Samuel Lampa

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Jul 18, 2015, 9:55:59 PM7/18/15
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On Saturday, July 18, 2015 at 3:54:12 PM UTC+2, Egon wrote:

Hey, after pondering a bit, I've came to conclude I *really* like your suggestion to have the go statements inside the main loop instead! (And I like most of the naming changes as well :) )

It sure might look a bit better, but the best part - I realized - is that by just leaving out the "go" statement for the last process in a chain, removes the need for a final "driver loop" altogether!! Might seem like a simple thing for you veterans, but I was banging my head with this a lot before!

Thus, with the addition of a zipper and a printer (more suited as the terminating process), I can now write:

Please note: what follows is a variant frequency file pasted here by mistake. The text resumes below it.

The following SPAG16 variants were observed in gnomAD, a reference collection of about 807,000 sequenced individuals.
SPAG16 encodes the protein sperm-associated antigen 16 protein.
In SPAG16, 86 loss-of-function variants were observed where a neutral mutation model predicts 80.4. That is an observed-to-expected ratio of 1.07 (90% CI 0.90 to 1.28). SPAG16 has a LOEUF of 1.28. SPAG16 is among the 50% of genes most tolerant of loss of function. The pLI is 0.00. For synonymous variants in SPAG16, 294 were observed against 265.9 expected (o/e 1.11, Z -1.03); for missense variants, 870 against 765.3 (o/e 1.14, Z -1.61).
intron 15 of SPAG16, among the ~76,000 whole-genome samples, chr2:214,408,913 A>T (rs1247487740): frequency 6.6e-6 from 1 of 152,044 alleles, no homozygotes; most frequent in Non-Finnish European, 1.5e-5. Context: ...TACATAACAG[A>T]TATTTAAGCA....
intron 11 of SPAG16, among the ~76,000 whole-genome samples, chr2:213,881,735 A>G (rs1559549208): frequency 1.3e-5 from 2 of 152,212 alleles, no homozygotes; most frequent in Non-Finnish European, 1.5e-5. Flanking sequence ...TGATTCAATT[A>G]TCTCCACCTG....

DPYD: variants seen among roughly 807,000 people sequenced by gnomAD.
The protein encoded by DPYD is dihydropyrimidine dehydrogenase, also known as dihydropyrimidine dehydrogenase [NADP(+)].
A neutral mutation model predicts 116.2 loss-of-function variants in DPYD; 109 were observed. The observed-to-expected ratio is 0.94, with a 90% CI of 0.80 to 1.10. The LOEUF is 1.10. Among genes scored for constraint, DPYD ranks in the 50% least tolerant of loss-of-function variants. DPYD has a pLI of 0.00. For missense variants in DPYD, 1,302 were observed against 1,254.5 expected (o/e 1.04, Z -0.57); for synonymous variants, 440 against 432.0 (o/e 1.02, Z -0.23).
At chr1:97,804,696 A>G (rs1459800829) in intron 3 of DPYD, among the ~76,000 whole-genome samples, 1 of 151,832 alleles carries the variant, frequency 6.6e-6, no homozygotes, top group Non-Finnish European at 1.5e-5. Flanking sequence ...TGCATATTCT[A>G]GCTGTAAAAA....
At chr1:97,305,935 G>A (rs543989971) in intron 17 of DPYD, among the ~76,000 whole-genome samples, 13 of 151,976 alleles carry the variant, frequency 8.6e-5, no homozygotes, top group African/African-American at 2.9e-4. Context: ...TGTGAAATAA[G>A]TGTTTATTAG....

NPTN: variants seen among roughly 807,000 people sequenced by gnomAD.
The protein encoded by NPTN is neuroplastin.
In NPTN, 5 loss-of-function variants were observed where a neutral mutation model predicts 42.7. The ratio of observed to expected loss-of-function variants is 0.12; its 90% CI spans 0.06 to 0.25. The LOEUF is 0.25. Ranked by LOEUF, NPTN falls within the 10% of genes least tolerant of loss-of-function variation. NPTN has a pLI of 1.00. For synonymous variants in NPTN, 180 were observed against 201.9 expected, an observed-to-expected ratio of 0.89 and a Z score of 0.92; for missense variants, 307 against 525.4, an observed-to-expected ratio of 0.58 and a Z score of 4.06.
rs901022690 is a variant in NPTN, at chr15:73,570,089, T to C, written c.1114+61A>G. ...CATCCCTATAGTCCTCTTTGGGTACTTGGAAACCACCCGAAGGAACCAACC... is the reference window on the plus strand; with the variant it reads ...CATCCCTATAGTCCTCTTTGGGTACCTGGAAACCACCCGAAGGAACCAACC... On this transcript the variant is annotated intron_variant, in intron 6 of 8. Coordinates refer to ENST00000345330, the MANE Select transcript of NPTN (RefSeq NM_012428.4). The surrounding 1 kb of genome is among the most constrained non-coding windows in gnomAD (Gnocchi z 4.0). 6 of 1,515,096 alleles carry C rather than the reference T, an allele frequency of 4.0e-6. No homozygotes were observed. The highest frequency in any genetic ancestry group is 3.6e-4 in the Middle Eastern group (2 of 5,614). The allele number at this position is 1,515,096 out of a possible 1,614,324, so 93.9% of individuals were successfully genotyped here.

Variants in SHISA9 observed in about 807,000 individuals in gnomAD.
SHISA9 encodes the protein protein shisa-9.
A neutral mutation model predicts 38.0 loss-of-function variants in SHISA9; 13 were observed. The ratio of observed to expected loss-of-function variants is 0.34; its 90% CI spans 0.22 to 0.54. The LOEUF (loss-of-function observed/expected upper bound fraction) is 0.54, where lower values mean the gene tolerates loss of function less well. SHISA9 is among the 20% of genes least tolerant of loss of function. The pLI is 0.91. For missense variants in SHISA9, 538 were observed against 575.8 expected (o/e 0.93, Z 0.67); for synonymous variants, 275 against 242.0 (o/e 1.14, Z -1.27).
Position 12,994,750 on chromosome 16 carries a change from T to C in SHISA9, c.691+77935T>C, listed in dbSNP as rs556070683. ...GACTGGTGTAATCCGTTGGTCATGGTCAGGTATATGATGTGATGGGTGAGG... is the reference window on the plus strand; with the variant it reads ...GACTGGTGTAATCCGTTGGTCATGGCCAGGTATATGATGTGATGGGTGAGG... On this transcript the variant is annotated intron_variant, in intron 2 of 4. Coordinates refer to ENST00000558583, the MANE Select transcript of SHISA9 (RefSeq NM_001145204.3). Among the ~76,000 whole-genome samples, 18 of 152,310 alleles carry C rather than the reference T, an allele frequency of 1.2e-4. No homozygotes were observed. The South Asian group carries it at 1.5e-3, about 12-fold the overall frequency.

// Init processes
hisay := NewHiSayer()
split := NewStringSplitter()
lower := NewLowerCaser()
upper := NewUpperCaser()
zippr := NewZipper()
prntr := NewPrinter()
 
// Network definition *** This is where to look! ***
split.In = hisay.Out
lower.In = split.OutLeft
upper.In = split.OutRight
zippr.In1 = lower.Out
zippr.In2 = upper.Out
prntr.In = zippr.Out
 
// Set up processes for running (spawn go-routines)
go hisay.Run()
go split.Run()
go lower.Run()
go upper.Run()
go zippr.Run()
prntr.Run() // So this is what drives the chain!

Heey, this is Niiice! Thank you thank you Egon for this suggestion! :)


Updating the blog post in a second too:
  http://bionics.it/posts/how-i-would-like-to-write-golang

Egon

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Jul 19, 2015, 1:02:57 AM7/19/15
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On Sunday, 19 July 2015 02:05:01 UTC+3, Samuel Lampa wrote:
On Saturday, July 18, 2015 at 3:54:12 PM UTC+2, Egon wrote:
PS, if you are experimenting with FBP you might be better off declaring a supporting framework for it: